“He could have been killed,” Lydia said. “I have one son and he could have been killed. More cake?”
“A very thin slice, and then I want you to take the cake and croissants away,” said Anna.
“We’ll leave the rest for Elena,” said Lydia, putting an even larger slice of cake than the first on Anna’s plate.
Infinite are the ways this woman can be my death, thought Anna, unable to resist the call of lemon and the white sugar frosting. The new baker was very good indeed.
“So? …” Anna began.
“It is enough,” shouted Lydia, whose outburst was certainly being listened to by the pensioner and his wife who lived on the other side of the thin wall of Anna Timofeyeva’s apartment. “I want him safe. I want him out. Sometimes I think he is suicidal. That’s what I think sometimes.”
It was something which Anna also thought but not nearly as often as his mother. When she had been a procurator, Sasha had been a brooding young man, a prot?g? of Porfiry Petrovich. He had a promising career ahead of him, but Sasha could be difficult and on more than one occasion he had been drawn from his course not by bribery but by women who found the boyish brooding young man irresistible.
“I want you to talk to Porfiry Petrovich,” Lydia said, her eyes meeting Anna’s.
“To insist that he get my son off the streets. Sasha is a hero now. Heroes deserve to be protected whether they wish to be or not. You agree?”
“Well, I think …”
“You can’t talk to Sasha. I’ve thought of that. Sasha is on his way to Kiev, on an airplane. I don’t trust airplanes. I’ve never been on one. I think they crash all the time and no one tells us. They keep it secret. Sasha has been strange lately. Happy … he even took me to a movie about men who for no apparent reason take off their clothes. And then he is back to feeling sorry for himself. I want my grandchildren back. I made him take airplane money to bring them back. I told him the only way to get Maya to come back with him would be to get off the streets, have normal hours and a normal job where he wouldn’t get into trouble.”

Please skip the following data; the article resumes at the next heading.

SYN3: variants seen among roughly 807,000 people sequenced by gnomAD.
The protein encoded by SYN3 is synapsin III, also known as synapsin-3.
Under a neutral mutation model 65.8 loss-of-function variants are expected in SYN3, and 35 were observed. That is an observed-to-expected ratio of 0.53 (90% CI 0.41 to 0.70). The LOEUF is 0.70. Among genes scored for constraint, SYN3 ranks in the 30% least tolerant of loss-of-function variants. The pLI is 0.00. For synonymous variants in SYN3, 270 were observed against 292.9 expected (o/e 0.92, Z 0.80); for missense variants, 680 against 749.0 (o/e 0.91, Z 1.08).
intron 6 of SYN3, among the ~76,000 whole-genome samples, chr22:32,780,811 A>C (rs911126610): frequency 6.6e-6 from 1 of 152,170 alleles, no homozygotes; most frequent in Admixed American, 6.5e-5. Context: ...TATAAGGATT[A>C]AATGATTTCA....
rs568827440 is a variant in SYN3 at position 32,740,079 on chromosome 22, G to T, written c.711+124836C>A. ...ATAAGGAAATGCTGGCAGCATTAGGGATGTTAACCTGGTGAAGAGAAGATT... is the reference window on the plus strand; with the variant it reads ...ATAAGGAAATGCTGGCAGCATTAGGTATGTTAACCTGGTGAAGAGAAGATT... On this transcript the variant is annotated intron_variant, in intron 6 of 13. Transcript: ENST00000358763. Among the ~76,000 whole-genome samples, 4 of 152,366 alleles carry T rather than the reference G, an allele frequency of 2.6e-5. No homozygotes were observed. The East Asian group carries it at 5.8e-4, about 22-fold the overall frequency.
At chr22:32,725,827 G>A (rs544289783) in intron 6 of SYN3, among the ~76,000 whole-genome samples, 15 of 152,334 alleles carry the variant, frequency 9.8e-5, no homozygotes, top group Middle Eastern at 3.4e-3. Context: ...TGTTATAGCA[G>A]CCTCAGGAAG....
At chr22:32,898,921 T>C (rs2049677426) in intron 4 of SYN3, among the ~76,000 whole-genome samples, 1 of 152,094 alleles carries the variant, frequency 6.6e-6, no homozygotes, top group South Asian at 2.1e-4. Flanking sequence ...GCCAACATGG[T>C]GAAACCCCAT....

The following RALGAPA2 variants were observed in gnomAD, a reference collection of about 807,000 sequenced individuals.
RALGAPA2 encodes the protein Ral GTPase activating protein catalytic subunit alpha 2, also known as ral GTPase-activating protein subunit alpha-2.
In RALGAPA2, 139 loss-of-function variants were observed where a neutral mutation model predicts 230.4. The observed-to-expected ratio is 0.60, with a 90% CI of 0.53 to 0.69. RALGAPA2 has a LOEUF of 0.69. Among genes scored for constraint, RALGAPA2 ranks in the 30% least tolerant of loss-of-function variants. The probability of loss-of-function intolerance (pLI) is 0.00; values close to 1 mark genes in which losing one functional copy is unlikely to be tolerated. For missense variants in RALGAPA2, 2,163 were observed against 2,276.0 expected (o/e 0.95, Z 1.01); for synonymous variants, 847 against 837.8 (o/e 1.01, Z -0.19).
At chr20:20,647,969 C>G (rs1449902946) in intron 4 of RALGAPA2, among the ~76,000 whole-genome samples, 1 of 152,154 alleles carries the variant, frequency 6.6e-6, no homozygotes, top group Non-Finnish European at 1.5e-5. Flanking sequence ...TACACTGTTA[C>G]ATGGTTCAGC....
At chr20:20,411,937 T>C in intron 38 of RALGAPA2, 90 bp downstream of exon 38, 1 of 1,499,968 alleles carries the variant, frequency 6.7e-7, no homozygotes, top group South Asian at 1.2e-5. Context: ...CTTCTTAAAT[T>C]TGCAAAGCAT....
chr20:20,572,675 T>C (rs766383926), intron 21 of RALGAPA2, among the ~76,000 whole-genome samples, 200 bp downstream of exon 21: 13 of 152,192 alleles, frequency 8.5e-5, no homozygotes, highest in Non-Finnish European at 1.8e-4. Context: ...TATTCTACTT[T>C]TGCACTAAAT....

Anna sipped her coffee, which she should not be drinking. It was excellent coffee. She would resist a second cup.
“I think you are right,” said Anna.
“You think I am right? You never think I am right.”
“This time,” said Anna, “I think you are right.”
“And what will you do about it?” Lydia asked insistently.
Anna felt like saying, “I’ll consult the neighbors and get their opinion,” but instead she said, “I will give Baku the rest of what I have on my plate and then I will call Porfiry Petrovich and ask him to stop by for a talk. I have never asked him to come visit me. He will come.”
Lydia said nothing and then opened her mouth to speak. Nothing came out. She began to weep. As loud as her voice had been, her weeping was nearly silent. Her thin shoulders shook and she leaned her head forward. Anna had no experience comforting people. People, even her niece, had never really looked to her for comfort. Anna was large, serious, stern in appearance. When she was procurator, she always wore her dark uniform. One did not go to such a woman for solace.
“I will do what I can, Lydia,” she said. “I will do what I can.”
“You are going out?” asked Rostnikov, sitting across the table from his wife.
Galina and the two little girls were watching television. The woman sat between the children, who were completely absorbed in the young men and women on very tall unicycles speeding around on a television-studio floor. The television was black and white. They could only imagine the spectrum of colorful glitter.
“Yes,” said Sarah, finishing her coffee.
“I know where you go each Friday,” he said softly as circus music vibrated excitedly from the television set.
“You are a detective, Porfiry Petrovich,” Sarah said with a smile, reaching over to touch his hand. “I thought you would have figured it out long ago.”